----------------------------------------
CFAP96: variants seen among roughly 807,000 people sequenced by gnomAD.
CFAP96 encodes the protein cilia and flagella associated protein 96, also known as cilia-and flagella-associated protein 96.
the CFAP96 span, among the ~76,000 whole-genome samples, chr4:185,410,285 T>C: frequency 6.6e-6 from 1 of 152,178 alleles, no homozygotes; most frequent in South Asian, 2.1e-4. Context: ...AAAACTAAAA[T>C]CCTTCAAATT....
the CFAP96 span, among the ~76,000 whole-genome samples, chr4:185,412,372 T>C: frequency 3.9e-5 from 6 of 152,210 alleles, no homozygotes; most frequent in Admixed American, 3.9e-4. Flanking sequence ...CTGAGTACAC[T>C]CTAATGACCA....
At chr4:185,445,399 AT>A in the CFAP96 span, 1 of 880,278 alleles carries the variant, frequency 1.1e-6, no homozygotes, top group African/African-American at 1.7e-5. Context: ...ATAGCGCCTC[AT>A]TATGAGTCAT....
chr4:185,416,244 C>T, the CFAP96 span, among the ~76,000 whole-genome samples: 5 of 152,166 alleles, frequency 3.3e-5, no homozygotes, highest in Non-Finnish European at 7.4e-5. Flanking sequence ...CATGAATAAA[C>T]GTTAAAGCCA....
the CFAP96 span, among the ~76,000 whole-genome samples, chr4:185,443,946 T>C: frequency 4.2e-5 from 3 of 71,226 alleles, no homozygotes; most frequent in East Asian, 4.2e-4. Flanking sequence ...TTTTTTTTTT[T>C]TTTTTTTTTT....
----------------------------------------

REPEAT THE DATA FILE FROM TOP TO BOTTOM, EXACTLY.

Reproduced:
CFAP96: variants seen among roughly 807,000 people sequenced by gnomAD.
CFAP96 encodes the protein cilia and flagella associated protein 96, also known as cilia-and flagella-associated protein 96.
the CFAP96 span, among the ~76,000 whole-genome samples, chr4:185,410,285 T>C: frequency 6.6e-6 from 1 of 152,178 alleles, no homozygotes; most frequent in South Asian, 2.1e-4. Context: ...AAAACTAAAA[T>C]CCTTCAAATT....
the CFAP96 span, among the ~76,000 whole-genome samples, chr4:185,412,372 T>C: frequency 3.9e-5 from 6 of 152,210 alleles, no homozygotes; most frequent in Admixed American, 3.9e-4. Flanking sequence ...CTGAGTACAC[T>C]CTAATGACCA....
At chr4:185,445,399 AT>A in the CFAP96 span, 1 of 880,278 alleles carries the variant, frequency 1.1e-6, no homozygotes, top group African/African-American at 1.7e-5. Context: ...ATAGCGCCTC[AT>A]TATGAGTCAT....
chr4:185,416,244 C>T, the CFAP96 span, among the ~76,000 whole-genome samples: 5 of 152,166 alleles, frequency 3.3e-5, no homozygotes, highest in Non-Finnish European at 7.4e-5. Flanking sequence ...CATGAATAAA[C>T]GTTAAAGCCA....
the CFAP96 span, among the ~76,000 whole-genome samples, chr4:185,443,946 T>C: frequency 4.2e-5 from 3 of 71,226 alleles, no homozygotes; most frequent in East Asian, 4.2e-4. Flanking sequence ...TTTTTTTTTT[T>C]TTTTTTTTTT....